A nonprofit publication of the Kentucky Center for Public Service Journalism

Kim Banta: Celebrating our independence and working for a better tomorrow

As we look back on the 246th anniversary of our country’s independence, we must understand how unique and truly wonderful our country is. When it comes to defining what makes the United States of America so great, one may look to the diverse cultures from coast to coast or even our entrepreneurial spirit. While these do make the United States truly great, our living and breathing Constitution, our global leadership, and our fellow Americans make the United States of America the best country on Earth.

When James Madison pushed his fellow founders to adopt the Bill of Rights, he believed their inclusion in the Constitution was not the government bestowing these rights, rather it was educating citizens on their God-given rights. The freedom to speak freely, the freedom to practice or abstain from practicing of a religion, the freedom to bear arms, just to name a few, are not rights the government gave us, rather these are inalienable rights the Founders recognized. The recognition of these inalienable rights is just a piece of what makes the United States a forward-thinking country rooted in tradition.  The other piece is the ability to always strive to be the city upon a hill.

Kim Banta

Throughout our country’s history, we have continually worked towards the promise that all are created equal and no one shall be deprived of life, liberty, and the pursuit of happiness. The fight for human rights for African Americans during the Civil War and the subsequent amendments display the march towards a more perfect union. Moreover, the ratification of the 19th amendment for woman’s suffrage solidifies that in order to best represent the values of the country, all must have a voice in electing our government. These are only two examples of strides our country has made toward a better tomorrow. No country is ever perfect, rather it is the pursuit of perfection which allows our country to be the land of the free.

From the birth of our nation 246 years ago, we have been trailblazers. At the time of our Declaration of Independence, Great Britain was the largest empire the world has ever seen. Perhaps by fate, our challenge and victory over the global leader would eventually land us atop the global stage. Through American industry and patriotism, the United States would go on to win world wars and aid the demise of European fascism, win the cold war of ideologies with the Soviet Union, and lead the war on terror after 9/11. More recently, when the world stood still with the fear of the COVID-19 pandemic, it was the United States who was the largest contributor to global COVID-19 relief.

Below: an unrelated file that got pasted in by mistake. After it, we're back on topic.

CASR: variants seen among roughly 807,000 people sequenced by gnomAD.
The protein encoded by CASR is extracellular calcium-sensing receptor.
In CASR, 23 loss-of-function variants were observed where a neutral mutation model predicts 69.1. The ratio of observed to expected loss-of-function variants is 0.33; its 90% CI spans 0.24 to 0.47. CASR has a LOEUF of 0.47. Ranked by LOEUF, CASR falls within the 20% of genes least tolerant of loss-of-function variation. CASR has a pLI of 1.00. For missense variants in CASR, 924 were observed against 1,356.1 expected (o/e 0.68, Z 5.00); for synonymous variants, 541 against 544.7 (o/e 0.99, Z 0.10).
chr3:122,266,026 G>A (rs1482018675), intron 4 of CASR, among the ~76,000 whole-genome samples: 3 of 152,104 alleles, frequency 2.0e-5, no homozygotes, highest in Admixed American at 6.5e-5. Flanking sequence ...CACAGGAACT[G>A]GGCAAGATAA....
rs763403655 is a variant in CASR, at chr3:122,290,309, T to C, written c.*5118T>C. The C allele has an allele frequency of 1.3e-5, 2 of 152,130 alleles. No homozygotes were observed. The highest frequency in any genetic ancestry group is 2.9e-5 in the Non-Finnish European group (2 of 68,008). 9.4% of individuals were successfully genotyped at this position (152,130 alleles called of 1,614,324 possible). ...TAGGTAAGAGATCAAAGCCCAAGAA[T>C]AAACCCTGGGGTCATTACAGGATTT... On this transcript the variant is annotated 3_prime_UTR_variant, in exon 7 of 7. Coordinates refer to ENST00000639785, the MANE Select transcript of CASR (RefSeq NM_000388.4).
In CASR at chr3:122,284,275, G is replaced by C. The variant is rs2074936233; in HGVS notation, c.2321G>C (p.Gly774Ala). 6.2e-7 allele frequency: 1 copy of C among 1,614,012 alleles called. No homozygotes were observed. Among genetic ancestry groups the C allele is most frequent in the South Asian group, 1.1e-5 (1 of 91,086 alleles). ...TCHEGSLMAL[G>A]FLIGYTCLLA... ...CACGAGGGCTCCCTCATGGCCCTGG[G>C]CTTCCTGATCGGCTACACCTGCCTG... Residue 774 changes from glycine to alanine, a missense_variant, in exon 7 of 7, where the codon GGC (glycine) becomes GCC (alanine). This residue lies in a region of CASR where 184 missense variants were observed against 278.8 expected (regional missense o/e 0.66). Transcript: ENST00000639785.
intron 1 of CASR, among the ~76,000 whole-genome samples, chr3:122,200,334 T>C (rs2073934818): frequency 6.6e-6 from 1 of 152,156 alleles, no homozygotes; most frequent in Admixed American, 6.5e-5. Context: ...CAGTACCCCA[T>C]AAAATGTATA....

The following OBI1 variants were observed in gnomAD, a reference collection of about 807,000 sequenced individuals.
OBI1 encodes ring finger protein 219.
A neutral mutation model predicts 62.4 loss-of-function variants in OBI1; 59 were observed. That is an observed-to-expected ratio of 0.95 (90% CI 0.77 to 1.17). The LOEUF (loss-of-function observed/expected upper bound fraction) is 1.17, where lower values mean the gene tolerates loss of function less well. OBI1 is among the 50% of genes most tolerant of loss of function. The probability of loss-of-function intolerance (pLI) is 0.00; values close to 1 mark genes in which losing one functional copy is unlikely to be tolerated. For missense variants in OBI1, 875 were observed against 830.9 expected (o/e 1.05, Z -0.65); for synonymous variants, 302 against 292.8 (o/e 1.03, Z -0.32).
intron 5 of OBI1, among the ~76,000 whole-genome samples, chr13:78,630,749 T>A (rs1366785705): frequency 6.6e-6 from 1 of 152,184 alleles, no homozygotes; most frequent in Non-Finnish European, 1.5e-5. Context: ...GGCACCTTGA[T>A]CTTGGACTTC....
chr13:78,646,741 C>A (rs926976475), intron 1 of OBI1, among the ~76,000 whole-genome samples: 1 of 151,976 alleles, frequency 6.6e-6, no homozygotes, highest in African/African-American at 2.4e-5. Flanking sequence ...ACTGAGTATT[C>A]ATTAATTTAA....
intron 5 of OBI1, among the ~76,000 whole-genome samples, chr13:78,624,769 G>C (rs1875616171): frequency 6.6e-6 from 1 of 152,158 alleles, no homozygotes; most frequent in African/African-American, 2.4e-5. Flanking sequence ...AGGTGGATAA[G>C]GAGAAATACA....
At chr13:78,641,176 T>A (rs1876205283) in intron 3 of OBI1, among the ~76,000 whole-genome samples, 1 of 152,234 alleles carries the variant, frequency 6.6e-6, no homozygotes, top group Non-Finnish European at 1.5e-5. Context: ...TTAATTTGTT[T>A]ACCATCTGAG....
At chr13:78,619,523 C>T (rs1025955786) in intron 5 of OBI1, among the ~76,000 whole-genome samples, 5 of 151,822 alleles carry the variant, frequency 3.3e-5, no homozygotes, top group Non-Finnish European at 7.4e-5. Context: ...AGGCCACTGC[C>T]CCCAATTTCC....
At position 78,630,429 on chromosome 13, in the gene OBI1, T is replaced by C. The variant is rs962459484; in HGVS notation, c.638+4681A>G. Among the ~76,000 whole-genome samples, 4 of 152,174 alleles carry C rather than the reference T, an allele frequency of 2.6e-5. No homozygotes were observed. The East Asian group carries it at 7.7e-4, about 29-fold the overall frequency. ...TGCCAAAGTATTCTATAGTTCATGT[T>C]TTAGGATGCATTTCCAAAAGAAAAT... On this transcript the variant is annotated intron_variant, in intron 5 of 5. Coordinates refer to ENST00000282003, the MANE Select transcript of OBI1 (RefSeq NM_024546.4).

No matter your gender, the color of your skin, your religion, or your starting economic class, the United States of America is still and forever will be the land of opportunity. Success is not guaranteed in the United States; instead there is the guaranteed ability for upward economic mobility if one is willing to work for it. Barriers up the ladder of success have been removed and will continue to be removed as our country progresses towards a land of equality and opportunity. A melting pot of ideologies, creeds, and backgrounds fuel the American spirt and that spirit will never die so long as our constitution continues to live.

It may not be the easiest of times right now in the union, but this is not indicative of an overall declining country. We have been through recessions, depressions, world wars, a pandemic, and at the end of each of those, the United States has come back stronger than before. While it is quite easy to look to the past and reminisce, I challenge you to look towards tomorrow. Our union has been forged through the sacrifice of our fellow countrymen and countrywomen to protect those God-given rights the constitution recognized. Thus, we must use the past as a tool to blaze a new trail to a brighter and safer tomorrow with the United States pioneering new technologies, ideas, medicine, and industry.

As Kentuckians, we play an integral part in the fabric of the country. On this anniversary of our country’s birth, I ask you to remember the sacrifices our veterans made and continue to make, the foreknowledge of our founders, the lead we take among all nations, and finally, how we can create a better tomorrow.

I would encourage all of you to keep up to date with legislative happenings during this interim, and as always, feel free to contact me via email kim.banta@lrc.ky.gov. If you would like more information, please visit the LRC website legislature.ky.gov.

Kim Banta is a representative in the state legislature from Northern Kentucky.

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